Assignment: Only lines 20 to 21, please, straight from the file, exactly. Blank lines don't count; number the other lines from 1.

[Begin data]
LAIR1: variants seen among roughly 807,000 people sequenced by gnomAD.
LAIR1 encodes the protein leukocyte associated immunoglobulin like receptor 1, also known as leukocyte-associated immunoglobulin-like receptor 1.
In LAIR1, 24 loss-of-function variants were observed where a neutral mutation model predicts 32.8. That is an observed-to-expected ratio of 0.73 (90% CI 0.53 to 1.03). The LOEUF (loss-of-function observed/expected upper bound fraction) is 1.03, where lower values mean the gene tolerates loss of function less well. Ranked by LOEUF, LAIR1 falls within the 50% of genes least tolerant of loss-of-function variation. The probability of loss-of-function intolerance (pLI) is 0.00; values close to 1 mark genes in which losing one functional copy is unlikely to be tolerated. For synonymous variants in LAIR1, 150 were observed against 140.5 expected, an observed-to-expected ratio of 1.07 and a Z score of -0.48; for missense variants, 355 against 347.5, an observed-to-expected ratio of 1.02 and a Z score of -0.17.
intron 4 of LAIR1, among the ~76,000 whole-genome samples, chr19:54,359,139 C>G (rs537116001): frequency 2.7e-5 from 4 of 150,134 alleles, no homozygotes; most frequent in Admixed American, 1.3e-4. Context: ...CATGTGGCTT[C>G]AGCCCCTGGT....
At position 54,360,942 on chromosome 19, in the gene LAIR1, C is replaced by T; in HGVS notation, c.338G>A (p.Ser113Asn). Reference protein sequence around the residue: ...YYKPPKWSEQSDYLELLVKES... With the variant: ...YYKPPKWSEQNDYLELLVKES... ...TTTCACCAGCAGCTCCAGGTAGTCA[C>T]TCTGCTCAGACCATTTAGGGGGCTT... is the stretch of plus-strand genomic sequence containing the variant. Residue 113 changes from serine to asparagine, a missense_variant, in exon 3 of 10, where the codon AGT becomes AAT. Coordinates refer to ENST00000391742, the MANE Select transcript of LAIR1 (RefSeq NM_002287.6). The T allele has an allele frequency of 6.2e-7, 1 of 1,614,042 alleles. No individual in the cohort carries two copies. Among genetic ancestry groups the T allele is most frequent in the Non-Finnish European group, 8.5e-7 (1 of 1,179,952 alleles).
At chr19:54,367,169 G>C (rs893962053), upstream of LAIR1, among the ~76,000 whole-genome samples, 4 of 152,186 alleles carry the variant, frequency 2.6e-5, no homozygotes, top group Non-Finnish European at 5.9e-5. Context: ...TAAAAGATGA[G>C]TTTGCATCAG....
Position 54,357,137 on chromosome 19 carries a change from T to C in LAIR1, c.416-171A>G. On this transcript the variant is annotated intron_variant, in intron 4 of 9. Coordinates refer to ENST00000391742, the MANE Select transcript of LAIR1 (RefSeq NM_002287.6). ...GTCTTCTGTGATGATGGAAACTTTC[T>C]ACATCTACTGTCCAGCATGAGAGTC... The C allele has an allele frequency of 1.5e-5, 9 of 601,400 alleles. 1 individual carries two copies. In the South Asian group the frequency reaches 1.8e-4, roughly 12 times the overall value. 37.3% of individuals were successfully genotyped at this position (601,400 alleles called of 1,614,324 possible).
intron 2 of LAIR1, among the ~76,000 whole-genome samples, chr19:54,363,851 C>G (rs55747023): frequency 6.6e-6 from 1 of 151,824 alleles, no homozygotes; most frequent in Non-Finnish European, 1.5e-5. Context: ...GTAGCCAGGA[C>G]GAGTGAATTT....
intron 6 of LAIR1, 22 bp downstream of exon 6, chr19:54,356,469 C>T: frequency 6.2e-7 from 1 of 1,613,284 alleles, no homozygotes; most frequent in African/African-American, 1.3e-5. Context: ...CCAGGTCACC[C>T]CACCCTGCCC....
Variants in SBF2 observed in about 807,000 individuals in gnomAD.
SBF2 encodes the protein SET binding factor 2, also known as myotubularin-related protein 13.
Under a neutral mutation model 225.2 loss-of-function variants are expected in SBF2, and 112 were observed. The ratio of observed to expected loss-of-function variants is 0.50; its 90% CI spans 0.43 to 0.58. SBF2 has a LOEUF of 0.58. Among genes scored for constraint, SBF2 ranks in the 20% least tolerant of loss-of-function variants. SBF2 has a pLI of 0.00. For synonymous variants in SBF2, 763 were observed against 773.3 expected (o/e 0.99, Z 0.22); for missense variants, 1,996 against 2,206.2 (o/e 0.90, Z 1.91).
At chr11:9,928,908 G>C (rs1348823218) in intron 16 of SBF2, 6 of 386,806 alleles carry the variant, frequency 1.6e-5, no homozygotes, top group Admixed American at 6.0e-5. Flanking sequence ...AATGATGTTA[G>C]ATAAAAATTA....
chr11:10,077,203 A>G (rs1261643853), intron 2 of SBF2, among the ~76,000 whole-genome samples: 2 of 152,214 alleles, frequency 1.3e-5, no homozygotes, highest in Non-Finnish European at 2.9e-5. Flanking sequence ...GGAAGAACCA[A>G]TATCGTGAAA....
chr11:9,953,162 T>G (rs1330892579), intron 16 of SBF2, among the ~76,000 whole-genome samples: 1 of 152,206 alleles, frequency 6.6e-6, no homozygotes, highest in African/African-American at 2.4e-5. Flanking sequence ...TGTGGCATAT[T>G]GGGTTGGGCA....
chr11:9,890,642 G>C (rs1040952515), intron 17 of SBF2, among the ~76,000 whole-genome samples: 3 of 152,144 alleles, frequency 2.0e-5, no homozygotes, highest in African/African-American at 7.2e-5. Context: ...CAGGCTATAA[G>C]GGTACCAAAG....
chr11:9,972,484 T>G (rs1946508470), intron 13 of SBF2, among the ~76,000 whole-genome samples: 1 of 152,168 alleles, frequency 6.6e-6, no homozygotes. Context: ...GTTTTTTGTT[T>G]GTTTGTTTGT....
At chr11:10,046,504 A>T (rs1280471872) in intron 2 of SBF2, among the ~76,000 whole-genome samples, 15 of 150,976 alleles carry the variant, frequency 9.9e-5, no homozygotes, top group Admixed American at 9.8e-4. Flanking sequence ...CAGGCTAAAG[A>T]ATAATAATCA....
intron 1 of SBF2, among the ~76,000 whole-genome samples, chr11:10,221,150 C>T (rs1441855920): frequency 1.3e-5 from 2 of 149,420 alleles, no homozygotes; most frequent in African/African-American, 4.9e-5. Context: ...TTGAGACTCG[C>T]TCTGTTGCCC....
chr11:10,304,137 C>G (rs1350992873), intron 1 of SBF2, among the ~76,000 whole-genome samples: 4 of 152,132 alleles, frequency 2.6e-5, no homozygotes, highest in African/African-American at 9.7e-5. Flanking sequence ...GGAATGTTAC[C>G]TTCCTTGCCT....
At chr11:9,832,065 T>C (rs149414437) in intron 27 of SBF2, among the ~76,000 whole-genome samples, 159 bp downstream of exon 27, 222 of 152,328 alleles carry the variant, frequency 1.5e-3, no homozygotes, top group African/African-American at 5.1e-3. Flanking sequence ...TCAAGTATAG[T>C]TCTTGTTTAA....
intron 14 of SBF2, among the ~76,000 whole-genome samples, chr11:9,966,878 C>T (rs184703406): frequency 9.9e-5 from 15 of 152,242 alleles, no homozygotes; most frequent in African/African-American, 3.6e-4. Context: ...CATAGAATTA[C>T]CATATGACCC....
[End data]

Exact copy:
chr11:10,304,137 C>G (rs1350992873), intron 1 of SBF2, among the ~76,000 whole-genome samples: 4 of 152,132 alleles, frequency 2.6e-5, no homozygotes, highest in African/African-American at 9.7e-5. Flanking sequence ...GGAATGTTAC[C>G]TTCCTTGCCT....
At chr11:9,832,065 T>C (rs149414437) in intron 27 of SBF2, among the ~76,000 whole-genome samples, 159 bp downstream of exon 27, 222 of 152,328 alleles carry the variant, frequency 1.5e-3, no homozygotes, top group African/African-American at 5.1e-3. Flanking sequence ...TCAAGTATAG[T>C]TCTTGTTTAA....